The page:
The Bay of Pigs
University Press 2008
New Books in American StudiesNew Books in Caribbean StudiesNew Books in HistoryNew Books in Military HistoryNew Books in Peoples & PlacesNew Books in Politics & SocietyNew Books Network August 29, 2008 Marshall Poe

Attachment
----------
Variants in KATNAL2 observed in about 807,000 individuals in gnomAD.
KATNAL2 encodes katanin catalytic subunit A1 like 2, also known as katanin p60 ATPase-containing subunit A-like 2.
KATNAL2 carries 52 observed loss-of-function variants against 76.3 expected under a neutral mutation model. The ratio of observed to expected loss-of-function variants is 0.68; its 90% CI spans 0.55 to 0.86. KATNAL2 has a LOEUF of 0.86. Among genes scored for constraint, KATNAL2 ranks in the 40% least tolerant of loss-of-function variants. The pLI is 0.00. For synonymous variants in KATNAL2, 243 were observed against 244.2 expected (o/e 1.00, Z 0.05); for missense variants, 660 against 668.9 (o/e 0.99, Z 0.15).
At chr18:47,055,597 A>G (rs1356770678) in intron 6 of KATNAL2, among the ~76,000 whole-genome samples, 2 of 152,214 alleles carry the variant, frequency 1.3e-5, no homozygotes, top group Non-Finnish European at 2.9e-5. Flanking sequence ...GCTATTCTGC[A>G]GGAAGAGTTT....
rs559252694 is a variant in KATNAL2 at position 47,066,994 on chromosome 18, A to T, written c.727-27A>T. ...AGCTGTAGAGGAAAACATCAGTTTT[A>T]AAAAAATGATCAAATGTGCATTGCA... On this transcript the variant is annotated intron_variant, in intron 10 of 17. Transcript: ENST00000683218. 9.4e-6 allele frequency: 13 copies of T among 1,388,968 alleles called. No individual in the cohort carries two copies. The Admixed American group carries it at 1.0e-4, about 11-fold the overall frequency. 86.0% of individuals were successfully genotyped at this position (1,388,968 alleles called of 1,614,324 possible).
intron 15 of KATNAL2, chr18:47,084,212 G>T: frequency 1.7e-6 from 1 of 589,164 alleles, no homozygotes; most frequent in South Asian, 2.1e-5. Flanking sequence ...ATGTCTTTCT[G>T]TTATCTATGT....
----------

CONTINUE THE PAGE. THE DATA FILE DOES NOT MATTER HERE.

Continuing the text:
There is just something about Fidel Castro that American presidents don’t like very much. Maybe it’s the long-winded anti-American diatribes. Maybe it’s the strident communism (to which he came rather late, truth be told ). Maybe it’s the beard. In any event, it’s clear that Eisenhower, JFK, and Johnson held personal grudges against the Cuban generalissimo. In fact, they all tried to kill him, as Howard Jones shows in his masterful The Bay of Pigs (Oxford, 2008). If you think the Bush administration’s foreign policy is ham-fisted, you really need to read this book. The Bay of Pigs makes it seem as if Kennedy’s “best and brightest” couldn’t have successfully organized a bake sale, let alone an invasion. The CIA got the intelligence wrong, the Joint Chiefs fouled up the military planning, and executive branch was living in bizarro world. Sound familiar? I would laugh, but the fact of the matter is that Kennedy and his crew left 1200 exiles–patriots all–to die on the Playa Giron. There are lessons here, if any one cares to draw them. Thanks to Howard Jones for bringing them to our attention when we need them most.
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